This is a Titus 2 and 1 Timothy 5:14 Web-Log Teaching Good Things About the Home
Thursday, October 26, 2006
An Enduring Marriage
Many women want to be successful in the home. Carrying out this responsibility does not always depend upon favorable circumstances, or upon the co-operation of those around you. Women whose husbands have not been interested in following the Christian way of life, have still been able to have long marriages and stable home lives.
One of the most common misunderstandings about the home is that it should not have too many trials. Certain things should just "never happen," and if they do, then the marriage must be "ending," or "over," or, the home life and the parents authority are no longer "valid."
There was a commonly held belief that was spread around a few decades ago, that marriages that were not happy were not valid marriages, and that a home life that was uncomfortable or unpleasant in any way, was worthless. This belief was accompanied by the notion that if you were not "happy," you should leave the husband or the home.
If we are to ever be truly at peace, and truly happy in the home, then we must return to the old paths, where the good walk is (see the verse beneath the header on this blog.) In those paths, or that way of life, the verse says, you will find "peace for your souls." I hope to share just one or two things that women used to do that helped their marriages remain stable in hard times.
The term "old paths" does not mean you have to stop using your car or any convenient invention. It does not mean that you cannot go to the grocery store or use a computer. The old paths means to follow the beliefs that were laid forth from the beginning of the creation; beliefs that would guide your actions.
One of the first "old paths" you can read about in the Bible, is that of caring for someone other than yourself. Eve was created to be a "help-meet" for Adam. Adam was to toil by the sweat of his brow, to earn a living for his family. Cain, the first child ever born in the world, wanted to know, "Am I my brothers' keeper?" If women would focus on the care of the family and the house, they would find that they soon lose their focus on their husband's faults. When you are unhappy with your husband, you might try listing the many things you need to do at home to make life better, including house work, studying,serving others, or home maintenance.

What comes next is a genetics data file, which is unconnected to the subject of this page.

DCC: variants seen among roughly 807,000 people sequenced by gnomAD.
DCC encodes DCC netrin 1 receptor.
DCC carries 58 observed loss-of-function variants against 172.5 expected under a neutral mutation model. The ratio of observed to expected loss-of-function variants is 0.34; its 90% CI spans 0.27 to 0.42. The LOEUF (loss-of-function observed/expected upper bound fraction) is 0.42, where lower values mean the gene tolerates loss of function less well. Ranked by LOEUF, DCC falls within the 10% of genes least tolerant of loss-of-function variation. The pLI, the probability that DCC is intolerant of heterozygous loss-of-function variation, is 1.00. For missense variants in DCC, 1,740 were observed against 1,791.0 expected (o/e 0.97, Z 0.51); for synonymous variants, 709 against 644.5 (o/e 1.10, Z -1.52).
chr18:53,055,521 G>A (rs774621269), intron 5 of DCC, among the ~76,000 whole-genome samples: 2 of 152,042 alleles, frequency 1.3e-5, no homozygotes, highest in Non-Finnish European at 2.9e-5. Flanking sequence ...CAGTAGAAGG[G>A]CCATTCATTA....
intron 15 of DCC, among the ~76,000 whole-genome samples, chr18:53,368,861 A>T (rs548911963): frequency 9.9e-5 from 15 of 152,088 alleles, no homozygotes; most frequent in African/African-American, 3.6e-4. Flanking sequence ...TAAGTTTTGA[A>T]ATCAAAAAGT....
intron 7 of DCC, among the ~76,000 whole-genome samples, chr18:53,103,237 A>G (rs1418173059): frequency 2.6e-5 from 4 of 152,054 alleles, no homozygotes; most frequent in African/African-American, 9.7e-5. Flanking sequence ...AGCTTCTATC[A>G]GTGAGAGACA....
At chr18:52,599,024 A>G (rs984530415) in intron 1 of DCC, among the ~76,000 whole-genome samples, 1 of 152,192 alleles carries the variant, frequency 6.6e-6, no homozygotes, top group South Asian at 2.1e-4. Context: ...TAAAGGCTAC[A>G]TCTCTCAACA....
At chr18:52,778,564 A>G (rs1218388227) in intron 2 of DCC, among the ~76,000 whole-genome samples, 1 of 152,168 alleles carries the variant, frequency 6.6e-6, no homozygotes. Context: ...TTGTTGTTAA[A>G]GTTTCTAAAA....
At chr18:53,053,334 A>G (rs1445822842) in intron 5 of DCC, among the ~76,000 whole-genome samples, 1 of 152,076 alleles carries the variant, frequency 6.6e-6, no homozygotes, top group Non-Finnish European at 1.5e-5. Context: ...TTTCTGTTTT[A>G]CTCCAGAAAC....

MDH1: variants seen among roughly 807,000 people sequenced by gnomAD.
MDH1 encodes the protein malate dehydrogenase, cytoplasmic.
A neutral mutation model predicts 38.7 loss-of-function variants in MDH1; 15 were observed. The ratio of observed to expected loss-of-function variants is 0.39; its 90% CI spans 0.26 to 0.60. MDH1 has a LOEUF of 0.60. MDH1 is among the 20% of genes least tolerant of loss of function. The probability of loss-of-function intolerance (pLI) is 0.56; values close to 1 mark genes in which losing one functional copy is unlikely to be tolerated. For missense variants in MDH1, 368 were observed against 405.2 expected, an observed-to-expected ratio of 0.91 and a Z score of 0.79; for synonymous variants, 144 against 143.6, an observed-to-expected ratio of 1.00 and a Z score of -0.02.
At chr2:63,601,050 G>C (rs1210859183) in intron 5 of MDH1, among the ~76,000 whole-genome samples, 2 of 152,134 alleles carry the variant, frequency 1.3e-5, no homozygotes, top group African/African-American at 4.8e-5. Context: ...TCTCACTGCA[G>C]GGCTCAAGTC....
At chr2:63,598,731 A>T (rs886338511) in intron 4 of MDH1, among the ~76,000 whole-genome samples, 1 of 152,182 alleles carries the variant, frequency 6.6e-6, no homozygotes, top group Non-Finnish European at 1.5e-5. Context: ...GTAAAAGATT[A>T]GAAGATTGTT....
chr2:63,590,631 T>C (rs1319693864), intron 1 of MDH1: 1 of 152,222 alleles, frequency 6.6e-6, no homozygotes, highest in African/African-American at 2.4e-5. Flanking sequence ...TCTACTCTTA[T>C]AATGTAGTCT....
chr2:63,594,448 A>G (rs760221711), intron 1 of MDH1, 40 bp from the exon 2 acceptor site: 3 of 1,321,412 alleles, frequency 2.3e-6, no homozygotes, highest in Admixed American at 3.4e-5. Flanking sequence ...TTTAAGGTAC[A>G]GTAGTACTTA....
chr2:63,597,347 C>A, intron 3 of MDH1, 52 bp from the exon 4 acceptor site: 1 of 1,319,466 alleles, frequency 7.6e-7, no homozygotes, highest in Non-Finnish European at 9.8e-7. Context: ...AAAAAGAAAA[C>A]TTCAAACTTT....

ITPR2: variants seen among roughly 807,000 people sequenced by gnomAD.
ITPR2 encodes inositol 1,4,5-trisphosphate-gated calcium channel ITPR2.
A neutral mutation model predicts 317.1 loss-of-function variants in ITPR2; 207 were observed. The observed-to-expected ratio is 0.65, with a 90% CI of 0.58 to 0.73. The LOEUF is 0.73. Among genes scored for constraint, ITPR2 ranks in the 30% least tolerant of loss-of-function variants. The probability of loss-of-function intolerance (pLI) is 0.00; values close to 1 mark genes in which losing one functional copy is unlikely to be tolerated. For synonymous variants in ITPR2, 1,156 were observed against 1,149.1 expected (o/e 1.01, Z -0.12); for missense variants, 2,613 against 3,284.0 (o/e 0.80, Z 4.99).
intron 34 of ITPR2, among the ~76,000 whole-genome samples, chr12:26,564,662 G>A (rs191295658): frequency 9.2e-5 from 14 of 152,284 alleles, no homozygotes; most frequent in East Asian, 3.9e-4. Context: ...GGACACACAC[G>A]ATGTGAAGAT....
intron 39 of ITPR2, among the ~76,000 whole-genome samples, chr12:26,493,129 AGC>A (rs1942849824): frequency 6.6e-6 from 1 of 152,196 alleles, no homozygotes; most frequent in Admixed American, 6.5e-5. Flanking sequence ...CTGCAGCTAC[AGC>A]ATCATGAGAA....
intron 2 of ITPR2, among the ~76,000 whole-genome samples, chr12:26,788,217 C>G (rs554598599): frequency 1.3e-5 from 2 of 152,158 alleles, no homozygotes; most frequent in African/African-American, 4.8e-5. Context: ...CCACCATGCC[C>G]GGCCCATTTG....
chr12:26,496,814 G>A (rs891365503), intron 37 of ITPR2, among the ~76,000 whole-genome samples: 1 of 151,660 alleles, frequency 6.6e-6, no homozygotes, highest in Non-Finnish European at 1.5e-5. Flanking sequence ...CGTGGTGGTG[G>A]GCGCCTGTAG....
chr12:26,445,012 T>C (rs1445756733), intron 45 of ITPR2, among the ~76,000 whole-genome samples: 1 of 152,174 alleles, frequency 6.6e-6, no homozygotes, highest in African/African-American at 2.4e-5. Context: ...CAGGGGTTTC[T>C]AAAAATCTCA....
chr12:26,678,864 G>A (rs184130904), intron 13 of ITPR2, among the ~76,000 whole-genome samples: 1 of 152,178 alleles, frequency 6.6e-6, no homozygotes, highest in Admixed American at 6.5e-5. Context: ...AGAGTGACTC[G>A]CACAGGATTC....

The old paths, where the good walk is, which teaches us to serve others, will give us peace. First Corinthians 13 gives the perfect answer to those who want to know how to show love to their husband: through patience, kindness, and unselfishness.
In a previous post, I showed how a marriage could be compared to a ship, which was built for rough seas. Although the inside of the ship is safe and sheltered, the outside would endure the rougher seas. To say that it would only be worth sailing in during calm seas and sunny weather, would be to deny its purpose as a vessel created for the sea. Some critics of marriages will be quick to point out that the couple is "not happy," or that they argue, and that therefore, the marriage does not "work." Marriage was designed to serve the needs of a husband and a wife in difficult times, as well as in good times. It is such an important design, that no matter what kind of turmoil goes on around you, you can feel peace if you are doing your part to follow the old paths.
Couples are continually maturing. If they give up on their marriage when there are disagreements and failures, they lose the chance to mature and endure, and to pass on the example to their children and others.
The family is designed so brilliantly by God that when one person is sick, and not performing their duties to their mate, they are still married. Without children, it is still a marriage. When a husband is earning a living but hardly home, it is still a marriage. When the family has no money, there can still be a marriage. Many people during the Great Depression endured harder times that we do today, yet it did not destroy their marriages. While a wife or husband may be inadequate in their marriage, it is still a marriage, because God created it, and that is the way it is.